posted by BigHeartedGuy at 1:21 PM on September 6, 2013 [11 favorites]


Hold on. The article says "The new lunch program states that if kids, not on the Free and Reduced Lunch program, don't have money to pay for their school lunch, they will go hungry for the day."

So in other words, the poor kids aren't subject to this rule - they get their lunch. The kids whose parents (presumably) have enough to pay for their kids' lunches, but let the account run empty (even after a heads-up) don't get lunch.

I'm as willing as anyone to get angry about people treating kids and their education as a profit-making exercise, but this kind of looks like manufactured outrage to a large extent.


At my school, it was this simple: no money in your lunch account? You now have a negative balance, which your parents are still responsible to pay.

EASY AS MOTHERFUCKING PIE. No one starves, school gets their money.
posted by showbiz_liz at 1:22 PM on September 6, 2013 [77 favorites]


this isn't rocket science - you give the kid lunch and keep trying to contact the deadbeat parents - and perhaps ask them if they need to apply for the free lunch program - and after a certain amount of time, if they're not responsive, you call child protective services and they can ask them why they're not acting responsible towards their kids

you can't put this on the kids, and at 50K a year, it's not good to put it on the schools, either - that's one teacher's salary plus more

put the responsibility on the parents where it belongs
posted by pyramid termite at 1:22 PM on September 6, 2013 [4 favorites]


OK, I know this is ridiculous and utopian and all, but why do we treat school lunch like some discrete entity in the first place?

Because, socialism.


This issue is an interesting example of how wrong it is to think of countries as simply sitting on some kind of "more socialist--more capitalist" continuum, though. Having grown up and having lived in countries that are usually seen as more "socialist" than the US (countries that have national health systems and so forth) I'm always a little surprised by the heavily subsidized school lunch thing here. It is such a "socialist" policy in a country that sees itself as so much on the individualist/capitalist/bootstrapping edge of the policy spectrum. The immediately relevant comparison is Canada, where there is, typically, no school lunch program whatsoever. Kids just bring a lunchbox with them from home (which is what I also grew up doing: well, a brown paper bag). Even with this latest little "no pay/no tray" twist, the program would represent a significant leftward move if implemented in Canada.
posted by yoink at 1:24 PM on September 6, 2013 [7 favorites]


Given the number of organizations that want to auto debit my bank account every month when some bill is due I'm surprised the school doesn't just go to that. Given us your bank account or credit card number or little Johnny doesn't get to eat lunch at school.
posted by COD at 1:25 PM on September 6, 2013 [3 favorites]


Also, FWIW, the school lunch program is actually run by the Dept of Agriculture, not the Dept of Education as I said before.
posted by GuyZero at 1:25 PM on September 6, 2013


I think accountability is great! But what are these kids being held accountable for? It only works if you're holding people accountable for things they have actual control over.
posted by jeather at 1:26 PM on September 6, 2013 [16 favorites]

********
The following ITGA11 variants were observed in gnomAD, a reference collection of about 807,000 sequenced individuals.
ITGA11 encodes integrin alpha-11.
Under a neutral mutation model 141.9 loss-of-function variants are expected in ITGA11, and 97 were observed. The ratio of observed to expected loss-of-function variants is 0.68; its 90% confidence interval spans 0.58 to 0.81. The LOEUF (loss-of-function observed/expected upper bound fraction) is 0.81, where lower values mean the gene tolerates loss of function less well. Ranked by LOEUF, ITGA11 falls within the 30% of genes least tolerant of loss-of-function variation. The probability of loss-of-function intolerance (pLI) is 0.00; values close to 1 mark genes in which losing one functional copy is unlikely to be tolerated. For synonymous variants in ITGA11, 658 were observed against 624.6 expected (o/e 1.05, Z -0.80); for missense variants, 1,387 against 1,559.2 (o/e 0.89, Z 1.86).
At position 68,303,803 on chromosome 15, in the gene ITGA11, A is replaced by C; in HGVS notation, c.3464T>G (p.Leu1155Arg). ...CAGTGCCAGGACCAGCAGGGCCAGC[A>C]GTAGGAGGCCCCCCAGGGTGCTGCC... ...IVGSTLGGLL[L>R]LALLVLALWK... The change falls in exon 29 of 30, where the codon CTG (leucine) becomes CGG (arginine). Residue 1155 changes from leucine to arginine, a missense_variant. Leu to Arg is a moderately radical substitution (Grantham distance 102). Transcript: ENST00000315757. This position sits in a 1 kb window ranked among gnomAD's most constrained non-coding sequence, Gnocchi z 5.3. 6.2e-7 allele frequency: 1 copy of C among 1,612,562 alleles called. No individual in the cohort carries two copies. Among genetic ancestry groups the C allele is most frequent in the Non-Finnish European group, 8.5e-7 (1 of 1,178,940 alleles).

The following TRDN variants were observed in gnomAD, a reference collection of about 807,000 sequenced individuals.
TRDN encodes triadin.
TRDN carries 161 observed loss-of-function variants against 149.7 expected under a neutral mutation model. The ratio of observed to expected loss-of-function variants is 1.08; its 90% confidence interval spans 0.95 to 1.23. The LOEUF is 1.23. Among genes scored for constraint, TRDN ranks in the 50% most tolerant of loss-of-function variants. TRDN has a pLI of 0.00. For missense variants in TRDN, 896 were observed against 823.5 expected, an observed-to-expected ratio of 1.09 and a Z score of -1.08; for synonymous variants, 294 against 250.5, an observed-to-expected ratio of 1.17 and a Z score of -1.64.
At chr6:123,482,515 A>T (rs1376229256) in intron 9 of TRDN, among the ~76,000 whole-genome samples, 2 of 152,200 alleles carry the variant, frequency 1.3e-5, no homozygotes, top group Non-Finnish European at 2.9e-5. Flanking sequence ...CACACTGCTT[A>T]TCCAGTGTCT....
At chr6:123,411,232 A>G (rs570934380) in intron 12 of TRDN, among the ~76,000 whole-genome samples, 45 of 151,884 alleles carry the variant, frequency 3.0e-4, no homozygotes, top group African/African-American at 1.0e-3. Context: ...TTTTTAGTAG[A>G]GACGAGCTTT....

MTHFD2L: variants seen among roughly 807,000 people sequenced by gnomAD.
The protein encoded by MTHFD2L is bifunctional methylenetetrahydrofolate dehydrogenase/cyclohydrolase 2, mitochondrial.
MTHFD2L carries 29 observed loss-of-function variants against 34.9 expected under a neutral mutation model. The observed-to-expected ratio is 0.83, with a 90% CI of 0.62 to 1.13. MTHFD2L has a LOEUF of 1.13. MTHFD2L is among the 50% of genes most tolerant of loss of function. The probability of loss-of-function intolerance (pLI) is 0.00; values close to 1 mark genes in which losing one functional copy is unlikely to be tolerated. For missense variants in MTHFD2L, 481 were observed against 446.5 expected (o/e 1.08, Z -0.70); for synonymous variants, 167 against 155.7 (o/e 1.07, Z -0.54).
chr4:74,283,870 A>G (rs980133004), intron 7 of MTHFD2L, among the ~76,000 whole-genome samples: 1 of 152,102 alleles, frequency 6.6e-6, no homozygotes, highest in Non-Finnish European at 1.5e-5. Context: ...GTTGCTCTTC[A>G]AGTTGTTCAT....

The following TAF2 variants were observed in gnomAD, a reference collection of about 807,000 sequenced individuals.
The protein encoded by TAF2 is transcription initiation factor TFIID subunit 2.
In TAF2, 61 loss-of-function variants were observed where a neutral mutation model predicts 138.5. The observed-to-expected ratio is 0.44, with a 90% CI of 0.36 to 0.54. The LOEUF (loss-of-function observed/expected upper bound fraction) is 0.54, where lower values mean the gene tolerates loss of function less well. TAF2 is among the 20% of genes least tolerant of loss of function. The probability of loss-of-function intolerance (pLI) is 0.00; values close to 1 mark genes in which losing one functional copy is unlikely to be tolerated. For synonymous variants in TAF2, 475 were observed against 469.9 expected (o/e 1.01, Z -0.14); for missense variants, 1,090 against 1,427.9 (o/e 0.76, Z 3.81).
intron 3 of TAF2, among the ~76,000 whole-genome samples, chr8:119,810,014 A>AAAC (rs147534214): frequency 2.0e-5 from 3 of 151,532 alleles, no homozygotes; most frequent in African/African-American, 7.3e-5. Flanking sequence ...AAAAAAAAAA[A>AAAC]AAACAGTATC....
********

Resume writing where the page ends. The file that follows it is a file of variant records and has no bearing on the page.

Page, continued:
The district wouldn't have done this unless there were quite a few parents who both weren't providing the money for food, and also weren't filling out the paperwork for free lunch benefits. How do you get them to be a bit more responsible? Calling CPS seems kind of excessive.
posted by miyabo at 1:26 PM on September 6, 2013 [1 favorite]


yoink, do a lot of kids in Canada just go hungry, then? School lunch (and sometimes breakfast) programs here started as a response to widespread poverty and hunger, and have hung on as an agricultural subsidy. What does Canada do for hungry kids?
posted by emjaybee at 1:26 PM on September 6, 2013


The district wouldn't have done this unless there were quite a few parents who both weren't providing the money for food, and also weren't filling out the paperwork for free lunch benefits. How do you get them to be a bit more responsible? Calling CPS seems kind of excessive.

As opposed to humiliating a child and making her go hungry?
posted by emjaybee at 1:27 PM on September 6, 2013 [6 favorites]


griphus: "But... what should Me. Superintendent do?

Well, when I was in school -- early- to late-90s in Brooklyn -- all the schools I went to had a really high number of kids who were on reduced/free lunch. The administration was fucking adamant about getting those forms filled out because if they had less kids on free/reduced lunch, that meant their allowance for free/reduced lunch dropped.

In fact, I remember teachers telling kids that even if they know that they're not going to be eating school lunch but think that they would be applicable for free/reduced, to have the form filled out. Because next year, some poor kid whose parents aren't making them lunch will need the paltry sum allotted last year
"

When I went in the late 90's in Minnesota, a bunch of the funding assistance from the state for other programs was tied to how many kids were on free/reduced lunch (or so I have been told). This funding was so important that not only were we reminded the first few weeks of school to apply even if we didn't think we need it, but after I graduated the district was sued by the state for falsifying records/fraud for several years to have more on the books than there actually were. The state won, and the district had to pay the money back, which totally screwed the students over for a long time.
posted by ArgentCorvid at 1:27 PM on September 6, 2013 [1 favorite]


Given us your bank account or credit card number or little Johnny doesn't get to eat lunch at school

Ok, but then that's still a kid going hungry at school.